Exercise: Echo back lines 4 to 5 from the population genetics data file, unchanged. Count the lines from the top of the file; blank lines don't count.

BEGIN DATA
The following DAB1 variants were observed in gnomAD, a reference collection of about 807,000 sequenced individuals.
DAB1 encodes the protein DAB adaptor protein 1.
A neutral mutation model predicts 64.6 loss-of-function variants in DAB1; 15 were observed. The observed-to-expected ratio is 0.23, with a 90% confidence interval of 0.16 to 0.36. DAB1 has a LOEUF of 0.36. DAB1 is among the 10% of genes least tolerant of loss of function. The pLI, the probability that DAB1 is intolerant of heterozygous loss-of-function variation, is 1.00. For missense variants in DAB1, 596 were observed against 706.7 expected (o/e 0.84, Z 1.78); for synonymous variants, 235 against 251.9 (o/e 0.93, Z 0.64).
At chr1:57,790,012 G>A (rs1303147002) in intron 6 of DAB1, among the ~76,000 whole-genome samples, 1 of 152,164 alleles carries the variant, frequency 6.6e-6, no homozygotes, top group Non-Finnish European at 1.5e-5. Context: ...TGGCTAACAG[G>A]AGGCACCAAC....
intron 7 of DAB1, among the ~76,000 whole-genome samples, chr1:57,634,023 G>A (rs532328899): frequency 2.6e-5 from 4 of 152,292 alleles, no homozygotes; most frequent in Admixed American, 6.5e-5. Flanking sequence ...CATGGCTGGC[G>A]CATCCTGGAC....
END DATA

At chr1:57,790,012 G>A (rs1303147002) in intron 6 of DAB1, among the ~76,000 whole-genome samples, 1 of 152,164 alleles carries the variant, frequency 6.6e-6, no homozygotes, top group Non-Finnish European at 1.5e-5. Context: ...TGGCTAACAG[G>A]AGGCACCAAC....
intron 7 of DAB1, among the ~76,000 whole-genome samples, chr1:57,634,023 G>A (rs532328899): frequency 2.6e-5 from 4 of 152,292 alleles, no homozygotes; most frequent in Admixed American, 6.5e-5. Flanking sequence ...CATGGCTGGC[G>A]CATCCTGGAC....